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Bust made in the Soviet Union, with Mikhail Sholokhov. With signature. Made in the cold war era. Mikhail Aleksandrovich Sholokhov (1905-1984) was a Russian novelist and winner of the 1965 Nobel Prize in Literature. He is known for writing about life and fate of Don Cossacks during the Russian Revolution, the civil war and the period of collectivization, primarily in his most famous novel, And Quiet Flows the Don. Sholokhov met Joseph Stalin in 1930, and subsequently was one of very few people who dared to give the dictator a truthful account of what was happening in the country and nonetheless was not punished. In the 1930s, he wrote several letters to Stalin from his home in Veshenskaya about the appalling conditions in the kolkhozes and sovkhozes along the Don, requesting assistance for the farmers.
In January 1931, he warned: “Comrade Stalin, without exaggeration, conditions are catastrophic!”. On 4 April 1933, he sent a long letter in which, among many other details, he named two OGPU officers whom he accused of torturing prisoners from his district.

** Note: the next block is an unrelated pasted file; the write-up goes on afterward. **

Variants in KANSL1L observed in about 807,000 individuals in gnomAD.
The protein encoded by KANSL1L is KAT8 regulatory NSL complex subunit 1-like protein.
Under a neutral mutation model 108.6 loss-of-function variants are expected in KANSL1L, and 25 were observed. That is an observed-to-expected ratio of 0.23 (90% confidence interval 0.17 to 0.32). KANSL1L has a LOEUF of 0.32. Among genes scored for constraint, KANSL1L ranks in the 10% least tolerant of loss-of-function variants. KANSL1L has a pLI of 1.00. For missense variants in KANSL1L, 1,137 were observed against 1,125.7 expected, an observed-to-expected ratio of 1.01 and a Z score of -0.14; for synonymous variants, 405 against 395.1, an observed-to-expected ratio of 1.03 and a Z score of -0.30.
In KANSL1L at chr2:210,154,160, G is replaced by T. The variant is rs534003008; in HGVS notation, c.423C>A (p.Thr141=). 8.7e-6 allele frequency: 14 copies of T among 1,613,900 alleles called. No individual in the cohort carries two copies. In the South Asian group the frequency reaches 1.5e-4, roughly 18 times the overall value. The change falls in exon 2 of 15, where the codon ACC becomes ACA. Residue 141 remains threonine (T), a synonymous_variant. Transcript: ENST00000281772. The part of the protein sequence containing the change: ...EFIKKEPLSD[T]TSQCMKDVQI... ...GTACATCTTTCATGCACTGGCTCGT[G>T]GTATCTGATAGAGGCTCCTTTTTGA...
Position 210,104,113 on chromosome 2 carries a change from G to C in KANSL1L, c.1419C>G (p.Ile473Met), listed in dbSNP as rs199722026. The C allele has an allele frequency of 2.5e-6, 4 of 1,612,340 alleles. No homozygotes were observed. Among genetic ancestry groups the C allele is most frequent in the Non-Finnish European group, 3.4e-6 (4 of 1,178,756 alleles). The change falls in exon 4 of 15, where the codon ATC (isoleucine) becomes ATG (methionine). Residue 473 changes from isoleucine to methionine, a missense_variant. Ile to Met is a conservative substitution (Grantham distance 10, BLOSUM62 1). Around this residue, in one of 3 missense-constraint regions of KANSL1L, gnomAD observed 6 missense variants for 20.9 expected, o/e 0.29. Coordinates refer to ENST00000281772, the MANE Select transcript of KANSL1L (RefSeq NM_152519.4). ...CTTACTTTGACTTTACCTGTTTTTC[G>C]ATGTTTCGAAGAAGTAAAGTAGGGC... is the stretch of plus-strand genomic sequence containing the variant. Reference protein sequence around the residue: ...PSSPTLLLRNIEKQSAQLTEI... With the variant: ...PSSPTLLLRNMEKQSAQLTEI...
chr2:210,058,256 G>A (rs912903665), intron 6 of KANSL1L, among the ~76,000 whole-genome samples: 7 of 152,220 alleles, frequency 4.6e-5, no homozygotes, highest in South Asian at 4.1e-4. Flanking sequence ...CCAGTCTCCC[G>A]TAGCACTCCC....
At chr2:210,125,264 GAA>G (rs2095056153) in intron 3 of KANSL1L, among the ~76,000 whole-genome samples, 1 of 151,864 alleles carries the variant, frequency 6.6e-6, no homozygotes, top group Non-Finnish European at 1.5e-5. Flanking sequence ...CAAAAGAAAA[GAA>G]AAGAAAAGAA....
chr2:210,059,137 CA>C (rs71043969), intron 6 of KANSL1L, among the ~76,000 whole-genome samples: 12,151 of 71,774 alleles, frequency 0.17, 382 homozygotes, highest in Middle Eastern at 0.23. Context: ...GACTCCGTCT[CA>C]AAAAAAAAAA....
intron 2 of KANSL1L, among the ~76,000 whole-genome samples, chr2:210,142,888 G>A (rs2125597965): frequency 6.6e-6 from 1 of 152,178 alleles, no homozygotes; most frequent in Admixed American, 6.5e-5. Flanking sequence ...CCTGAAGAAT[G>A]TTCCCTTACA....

Stalin reacted by sending a senior official, Matvei Shkiryatov, to investigate. The two officers were arrested and sentenced to death; their sentences were later revoked, but they were banned from working in Sholokhov’s home village. Stalin also arranged for extra food to be sent to Veshenskaya and the neighbouring district.
During World War II, Sholokhov wrote about the Soviet war effort for various journals. He also covered the devastation caused by Wehrmacht troops along the Don. His mother was killed when Veshenskaya was bombed in 1942. Sholokhov’s unfinished novel They Fought for Their Country is about World War II (known in the Soviet Union, and now in Russia, as the Great Patriotic War). Sholokhov’s collected works were published in eight volumes between 1956 and 1960, and he was awarded the Nobel Prize in Literature in 1965.
Mikhail Sholokhov died on 21 February 1984, from laryngeal cancer.
Bust Soviet Russia BSR008 Mikhail Sholokhov With Signature